Birmingham April 27, 2012Posted by marzwaggener in Alabama.
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I spent quite some time in Birmingham, staying with Anu (who lived next door to us when I was a little girl) and her husband and beautiful daughter, and also with Coco and Jerry Hyman, some friends who used to live close to us in Georgia. I also got to visit Vern and Phoebe Smathers (also used to live in Georgia) and met a few new people. There’s a lot of pictures, especially of Ruthie (Anu and Martin’s daughter who just turned one), and I uploaded them to Shuttefly for easy download.
I left Birmingham on Tuesday the 24th. Coco and Jerry gave me a lift to the Tuscaloosa area and I continued on my journey.
Survival and Tampons April 18, 2012Posted by marzwaggener in Survival.
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In my month of walking the Silver Comet trail, I’ve been fortunate not to encounter any survival situations. But since I was a kid, I’ve loved to read and imagine about surviving in the wilderness. Not practice, mind you. Eating bugs or killing small animals is just a bit much for me, unless I’m really, truly about to die. But there’s still an old copy of “The SAS Survival Handbook” somewhere at my parent’s house, and some of the stuff I carry around is survival gear I’ve had since I was a kid. (I don’t really have much survival gear though, other than Adventure Medical Kit’s Pocket Survival Pak - not the best survival kit but better than nothing.)
I subscribe to a few survival blogs, my favorite is Willowhaven Outdoor. They e-mail a newsletter every other week or so. A few weeks ago, they sent me the BEST e-mail I think I’ve ever gotten: using a tampon as an emergency survival tool. Being female, of course I have one other very important survival use for a tampon, but this article is so brilliantly thought out and many of the ideas I could realistically use, it just made my day. Mr. Creek Stewart, who writes the blog and runs Willowhaven Outdoor, is full of these brilliant (and sometimes fun) ideas.
Another great post I found on Willowhaven Outdoor (this might be how I found the site to begin with) is plans to build a camp chair. I’d found some great plans on Instructables for a Multi-Function Walking Stick that converts to a chair, but the seat looked really uncomfortable and I wanted something leather. I’m still planning to make something like this… someday.
One last survival item that I think is really cool is the Personal Survival Shelter by Wilderness Innovation. From the pictures and videos they have on the website, I’d describe it as a high quality poncho that can convert into a shelter in a pinch, and converts into a hammock when you want to relax. I’d be devastated if my camera got destroyed by rain or water. There’s no way I could replace it, and without my camera I’ve lost who I am: a photographer. I’d only be upset if my computer was destroyed, it’s not a good computer and starting to fail, but devastated if I lost all my photos saved on it. The poncho I have currently is a cheap $7 poncho from the drug store. It covers my pack… barely. I haven’t been caught in a really bad downpour yet, just mild ones, and it seems the cheap poncho will do an okay job… but a Personal Survival Shelter would not only be much more durable, it converts into a hammock.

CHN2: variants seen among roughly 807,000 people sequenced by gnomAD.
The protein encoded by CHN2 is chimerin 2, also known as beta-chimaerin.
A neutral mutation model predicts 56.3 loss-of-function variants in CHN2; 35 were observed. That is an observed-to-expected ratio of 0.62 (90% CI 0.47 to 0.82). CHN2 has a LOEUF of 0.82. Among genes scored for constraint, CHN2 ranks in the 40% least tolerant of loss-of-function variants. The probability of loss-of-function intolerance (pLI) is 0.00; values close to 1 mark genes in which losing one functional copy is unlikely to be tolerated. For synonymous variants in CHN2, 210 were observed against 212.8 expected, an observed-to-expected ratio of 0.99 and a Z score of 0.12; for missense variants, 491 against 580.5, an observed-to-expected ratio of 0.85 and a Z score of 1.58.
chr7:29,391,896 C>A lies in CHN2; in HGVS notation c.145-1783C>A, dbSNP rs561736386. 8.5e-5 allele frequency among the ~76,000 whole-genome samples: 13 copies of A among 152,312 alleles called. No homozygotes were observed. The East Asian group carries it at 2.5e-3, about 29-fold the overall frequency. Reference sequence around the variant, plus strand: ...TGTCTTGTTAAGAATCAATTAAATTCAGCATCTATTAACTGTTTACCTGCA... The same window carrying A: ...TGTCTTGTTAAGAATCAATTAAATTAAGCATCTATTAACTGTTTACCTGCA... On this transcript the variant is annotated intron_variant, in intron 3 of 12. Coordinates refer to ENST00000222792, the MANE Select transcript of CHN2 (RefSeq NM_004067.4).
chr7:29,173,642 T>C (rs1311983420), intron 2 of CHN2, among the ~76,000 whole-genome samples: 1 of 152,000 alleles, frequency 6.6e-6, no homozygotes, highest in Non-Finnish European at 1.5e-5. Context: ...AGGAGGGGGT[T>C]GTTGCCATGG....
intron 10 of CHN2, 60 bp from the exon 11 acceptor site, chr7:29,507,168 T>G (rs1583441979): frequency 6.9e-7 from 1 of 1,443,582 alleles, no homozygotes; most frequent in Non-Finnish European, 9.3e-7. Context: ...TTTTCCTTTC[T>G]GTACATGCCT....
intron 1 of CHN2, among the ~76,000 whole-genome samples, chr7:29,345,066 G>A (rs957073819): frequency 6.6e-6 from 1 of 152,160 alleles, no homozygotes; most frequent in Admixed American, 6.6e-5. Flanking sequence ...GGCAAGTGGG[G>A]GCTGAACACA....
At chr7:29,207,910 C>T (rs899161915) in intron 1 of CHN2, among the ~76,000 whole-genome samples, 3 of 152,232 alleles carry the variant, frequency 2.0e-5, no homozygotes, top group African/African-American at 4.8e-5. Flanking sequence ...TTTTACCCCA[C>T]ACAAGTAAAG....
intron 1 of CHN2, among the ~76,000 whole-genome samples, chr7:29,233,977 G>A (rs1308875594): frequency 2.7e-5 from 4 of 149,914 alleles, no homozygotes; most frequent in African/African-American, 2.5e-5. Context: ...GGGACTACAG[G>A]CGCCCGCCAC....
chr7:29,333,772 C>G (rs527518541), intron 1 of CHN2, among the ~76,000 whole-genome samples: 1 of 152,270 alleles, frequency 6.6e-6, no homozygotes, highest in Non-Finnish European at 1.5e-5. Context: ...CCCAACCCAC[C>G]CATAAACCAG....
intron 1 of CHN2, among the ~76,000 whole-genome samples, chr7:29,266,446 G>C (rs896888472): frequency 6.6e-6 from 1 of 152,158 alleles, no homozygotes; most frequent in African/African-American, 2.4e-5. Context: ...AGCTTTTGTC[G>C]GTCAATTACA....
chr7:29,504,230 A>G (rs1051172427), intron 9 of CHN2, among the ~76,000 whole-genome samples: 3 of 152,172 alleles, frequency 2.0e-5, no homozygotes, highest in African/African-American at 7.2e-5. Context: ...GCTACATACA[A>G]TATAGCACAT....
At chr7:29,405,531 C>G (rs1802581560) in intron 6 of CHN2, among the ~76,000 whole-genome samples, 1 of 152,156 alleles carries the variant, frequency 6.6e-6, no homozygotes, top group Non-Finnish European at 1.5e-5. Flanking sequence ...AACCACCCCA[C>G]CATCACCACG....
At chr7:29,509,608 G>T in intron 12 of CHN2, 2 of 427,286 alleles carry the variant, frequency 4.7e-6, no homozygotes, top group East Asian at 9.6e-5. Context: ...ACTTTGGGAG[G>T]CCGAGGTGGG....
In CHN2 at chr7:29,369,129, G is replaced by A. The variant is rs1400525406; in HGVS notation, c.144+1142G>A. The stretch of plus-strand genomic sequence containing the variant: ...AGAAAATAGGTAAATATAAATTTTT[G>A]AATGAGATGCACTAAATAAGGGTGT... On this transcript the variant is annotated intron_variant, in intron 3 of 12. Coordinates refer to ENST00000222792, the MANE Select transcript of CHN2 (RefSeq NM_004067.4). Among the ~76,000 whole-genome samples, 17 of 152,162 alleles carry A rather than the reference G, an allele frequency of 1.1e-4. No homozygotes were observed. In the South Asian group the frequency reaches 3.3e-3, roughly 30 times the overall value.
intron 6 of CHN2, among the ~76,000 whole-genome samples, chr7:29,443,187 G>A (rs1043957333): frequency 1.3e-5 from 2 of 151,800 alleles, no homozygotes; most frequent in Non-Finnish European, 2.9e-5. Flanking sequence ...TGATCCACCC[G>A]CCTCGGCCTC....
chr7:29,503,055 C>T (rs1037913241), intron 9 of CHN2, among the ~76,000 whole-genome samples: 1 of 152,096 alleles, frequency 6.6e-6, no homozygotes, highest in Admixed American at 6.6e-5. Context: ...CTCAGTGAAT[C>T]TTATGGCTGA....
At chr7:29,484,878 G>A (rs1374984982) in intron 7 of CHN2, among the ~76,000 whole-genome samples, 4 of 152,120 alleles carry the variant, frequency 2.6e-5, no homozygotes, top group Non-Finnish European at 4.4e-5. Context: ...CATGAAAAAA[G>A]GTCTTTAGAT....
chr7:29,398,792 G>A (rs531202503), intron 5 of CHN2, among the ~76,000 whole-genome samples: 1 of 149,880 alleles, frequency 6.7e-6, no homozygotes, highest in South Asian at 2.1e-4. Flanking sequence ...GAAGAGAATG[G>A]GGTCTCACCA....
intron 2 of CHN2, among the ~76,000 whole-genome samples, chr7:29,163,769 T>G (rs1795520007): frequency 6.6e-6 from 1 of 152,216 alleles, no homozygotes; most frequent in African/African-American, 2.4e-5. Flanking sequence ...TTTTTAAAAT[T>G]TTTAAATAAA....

A Series of Hilarious Events (Part Two) April 17, 2012Posted by marzwaggener in Alabama.
(continued) Thursday, April 12, I found Scott gathering firewood at the trestle like he said. The riverbank was located down a steep embankment. I had to slide on my butt down a dirt slide to get there – the smoothness of the path told me many butts had been there before mine. The riverbank, stream, and trestle were beautiful. We got a fire going and talked about camping while I snapped a few pictures and had a bit to drink. A bit too much to drink, and on an empty stomach at that. (Not a great idea!)
Later in the evening Scott went to the grocery store for a few things. When he got back, I was passed out on the rocks of the riverbed from drinking without eating any food! I managed to crawl into my sleeping bag, and there I slept beside the river, shivering through the 35° night in my 40° rated sleeping bag. Scott went to his truck where he could run the heater, but returned in the morning and built another fire. The morning sunrise streamed through the smoke and leaves, making beautiful light on the water.
Later that day I stopped by the post office in the small town of Weaver to pick up a package my sister sent me, which included a much-needed new pack! Many, many thanks to my sister Naomi Rice for her recommendation – my new pack is fantastic!
I also got a cool Cloak Camera Bag to carry my camera in and the geeky F-Stop Watch to tell the time, as I leave my cell phone off most of the time to save the battery. I stayed at the trestle again that night, but in my tent this time.
April 14th I walked the last few miles of the trail. The end of the trail just has a simple sign announcing the 100+ mile accomplishment: